Private Marinas Make a Splash in South Florida
Nov 24, 2021 | By: Michele Marin
Stunning ocean views and a waterfront location were once the apex of real estate luxury in sunny South Florida. But as more and more Floridians embrace outdoor recreation and enjoy flexible work environments, some condominium developers have responded by offering an amenity that blows their competitors out of the water: private marinas.
Boat sales have risen in step with the embrace of outdoor activities throughout the pandemic. According to the National Marine Manufacturers Association (NMMA), 95% of marine CEOs reported that business conditions were expanding or stable in Q2 2021, and boat and yacht retailer MarineMax recorded that its revenue grew 70%, to over $523.1 million, for the quarter ending March 31. And consider what Vicky Yu, senior director of business intelligence for NMMA, told Boating Industry: “A domino effect has South Florida developers utilizing their indispensable land to meet the growing need for boat slips, private marinas, and one-of-a-kind amenities in a highly competitive luxury real estate market.” All said, there has never been a better time for developers to wade into the possibilities of private marinas.
Ian Bruce Eichner, of the Continuum Company, is meeting the increased demand for luxury residences with private boat dockage with his latest project La Baia Bay Harbor Islands. “To be honest, waterfront land was simply being underutilized before,” says Eichner. “It’s not easy to get approval for boat slips–it takes an experienced developer.”
Allie Eichner, development officer of the Continuum Company, adds that up to this point, it has been difficult in South Florida to actually get on the water. “The private marina trend is really being driven by people’s desire to have easier access to the water,” she says. “There’s really nothing quite as fabulous as being able to walk out to your backyard and be on the water in five minutes.”
And accessing the water in five minutes is just what residents of La Baia Bay Harbor Islands will be able to do. Built on the last large-scale parcel on Bay Harbor Islands, the eight-story bayfront condominium, designed by architect Luis Revuelta, will feature 68 residences and 20 boat slips. The property, which will offer 30,000 square feet of resort-style amenities when it debuts in 2023, has residences priced from $810,000 and penthouses priced from $1.9 million.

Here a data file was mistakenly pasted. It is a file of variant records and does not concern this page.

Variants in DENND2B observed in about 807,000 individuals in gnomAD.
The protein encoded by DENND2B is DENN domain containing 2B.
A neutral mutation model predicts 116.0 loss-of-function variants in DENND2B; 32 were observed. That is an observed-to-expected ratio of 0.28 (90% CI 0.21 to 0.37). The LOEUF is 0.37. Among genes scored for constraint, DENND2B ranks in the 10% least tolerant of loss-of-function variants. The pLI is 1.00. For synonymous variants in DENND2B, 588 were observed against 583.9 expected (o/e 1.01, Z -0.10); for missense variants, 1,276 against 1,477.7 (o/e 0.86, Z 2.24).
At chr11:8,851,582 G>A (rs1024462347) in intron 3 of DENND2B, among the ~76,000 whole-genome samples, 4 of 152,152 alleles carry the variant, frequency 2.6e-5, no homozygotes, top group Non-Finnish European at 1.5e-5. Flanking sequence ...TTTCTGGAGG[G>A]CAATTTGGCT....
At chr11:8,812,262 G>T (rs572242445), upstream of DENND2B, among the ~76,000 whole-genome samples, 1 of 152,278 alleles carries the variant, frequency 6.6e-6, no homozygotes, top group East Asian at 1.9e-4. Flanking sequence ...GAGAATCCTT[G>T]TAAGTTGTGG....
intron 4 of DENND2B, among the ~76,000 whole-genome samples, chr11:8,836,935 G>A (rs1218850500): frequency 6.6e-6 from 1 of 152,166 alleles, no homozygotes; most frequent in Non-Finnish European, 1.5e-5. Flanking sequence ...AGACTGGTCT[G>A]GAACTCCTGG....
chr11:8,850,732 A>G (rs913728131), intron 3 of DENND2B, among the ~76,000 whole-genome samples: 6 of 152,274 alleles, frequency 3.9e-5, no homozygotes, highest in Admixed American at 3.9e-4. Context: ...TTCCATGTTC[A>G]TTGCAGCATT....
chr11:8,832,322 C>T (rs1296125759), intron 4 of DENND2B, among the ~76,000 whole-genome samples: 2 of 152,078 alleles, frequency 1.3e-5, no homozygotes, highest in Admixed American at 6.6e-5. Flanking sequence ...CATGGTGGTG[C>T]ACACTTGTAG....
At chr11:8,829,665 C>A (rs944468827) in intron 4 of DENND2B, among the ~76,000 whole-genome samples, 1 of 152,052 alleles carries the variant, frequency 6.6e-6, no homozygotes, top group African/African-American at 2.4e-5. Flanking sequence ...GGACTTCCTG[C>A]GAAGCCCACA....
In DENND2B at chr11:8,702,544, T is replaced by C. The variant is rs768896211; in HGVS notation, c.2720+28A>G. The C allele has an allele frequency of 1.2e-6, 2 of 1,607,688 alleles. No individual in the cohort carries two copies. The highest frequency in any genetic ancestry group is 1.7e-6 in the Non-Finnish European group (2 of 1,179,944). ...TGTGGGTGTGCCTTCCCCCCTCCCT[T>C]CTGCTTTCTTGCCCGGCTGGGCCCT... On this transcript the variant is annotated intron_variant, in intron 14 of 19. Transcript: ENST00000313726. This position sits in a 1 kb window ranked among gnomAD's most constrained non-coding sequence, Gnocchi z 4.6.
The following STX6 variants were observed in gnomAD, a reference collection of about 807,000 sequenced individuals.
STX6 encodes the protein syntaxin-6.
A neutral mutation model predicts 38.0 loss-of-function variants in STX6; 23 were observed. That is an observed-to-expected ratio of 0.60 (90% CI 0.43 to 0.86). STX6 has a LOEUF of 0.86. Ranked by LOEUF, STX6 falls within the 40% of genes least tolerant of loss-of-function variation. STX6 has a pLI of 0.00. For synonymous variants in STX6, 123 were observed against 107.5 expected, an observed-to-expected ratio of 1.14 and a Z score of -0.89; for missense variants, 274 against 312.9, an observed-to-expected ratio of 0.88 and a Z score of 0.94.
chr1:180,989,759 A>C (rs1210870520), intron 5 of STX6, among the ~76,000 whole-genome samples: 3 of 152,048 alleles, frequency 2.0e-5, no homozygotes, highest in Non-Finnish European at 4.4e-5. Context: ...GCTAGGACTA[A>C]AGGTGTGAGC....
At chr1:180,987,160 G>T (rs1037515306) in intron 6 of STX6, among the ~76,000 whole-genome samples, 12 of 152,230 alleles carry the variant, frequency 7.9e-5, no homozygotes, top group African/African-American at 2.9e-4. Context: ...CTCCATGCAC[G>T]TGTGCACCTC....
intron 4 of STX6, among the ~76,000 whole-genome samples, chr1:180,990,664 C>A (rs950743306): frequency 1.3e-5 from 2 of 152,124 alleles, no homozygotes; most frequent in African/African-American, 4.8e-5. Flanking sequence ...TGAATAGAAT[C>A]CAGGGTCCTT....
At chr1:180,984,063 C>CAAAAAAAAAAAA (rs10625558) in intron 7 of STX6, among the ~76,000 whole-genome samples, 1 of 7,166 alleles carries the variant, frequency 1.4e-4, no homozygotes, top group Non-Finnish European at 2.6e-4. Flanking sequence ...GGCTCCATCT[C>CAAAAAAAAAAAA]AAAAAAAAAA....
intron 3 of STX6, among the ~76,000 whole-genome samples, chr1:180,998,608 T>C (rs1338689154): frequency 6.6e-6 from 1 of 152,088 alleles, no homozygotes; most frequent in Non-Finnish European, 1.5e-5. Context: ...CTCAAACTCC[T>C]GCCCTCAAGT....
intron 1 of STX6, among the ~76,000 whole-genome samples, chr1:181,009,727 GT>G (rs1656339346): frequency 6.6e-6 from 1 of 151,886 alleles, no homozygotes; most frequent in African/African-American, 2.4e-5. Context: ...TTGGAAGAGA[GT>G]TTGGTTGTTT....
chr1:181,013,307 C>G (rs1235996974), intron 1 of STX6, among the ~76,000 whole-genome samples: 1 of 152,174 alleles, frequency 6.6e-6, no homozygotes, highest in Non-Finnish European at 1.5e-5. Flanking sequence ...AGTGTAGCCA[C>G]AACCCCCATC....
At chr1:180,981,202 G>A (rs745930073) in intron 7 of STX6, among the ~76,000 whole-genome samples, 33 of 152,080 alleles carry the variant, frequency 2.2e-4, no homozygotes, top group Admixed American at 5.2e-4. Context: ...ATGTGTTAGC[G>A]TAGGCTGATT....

At the Monaco Yacht Club & Residences, Optimum Development USA is capitalizing on its coveted waterfront land by offering a private 12-slip marina that can accommodate larger vessels up to 55 feet. Residents of the building will also have access to a yachting concierge who can help with maintenance needs, yacht charters, or sailing and fishing excursions.
The 12-story waterfront condominium building, slated to open this year, is sited on one of the last remaining waterfront parcels in Miami Beach. A collaboration between interior designer Piero Lissoni and international architecture firm Arquitectonica, the Monaco Yacht Club & Residences will feature 39 condominiums starting from $1 million.
Although the market is seeing a flurry of buildings with private marinas becoming available, that may soon end. “The developers that have the rights to build a marina in South Florida have already built them and taken advantage of the heightened demand,” says Phil Gutman, president of Pgutman LLC, who handles sales of La Baia Bay Harbor Islands.
That demand was on full display at the Piero Lissoni-designed Ritz-Carlton Residences, Miami Beach, whose 15 Villa Collection residences sold out in just nine months. The Villa Collection features eight single-family waterfront homes boasting private boat dockage, and seven garden homes offering a boat slip in the property’s 36-slip private marina.
While waterfront space brimming with private beaches and oceanfront pools once drove South Florida’s luxury amenities, developers are finding they may have been overlooking one particularly valuable way to draw in buyers. As private marinas become the norm, there’s no telling what new amenity may come in their wake.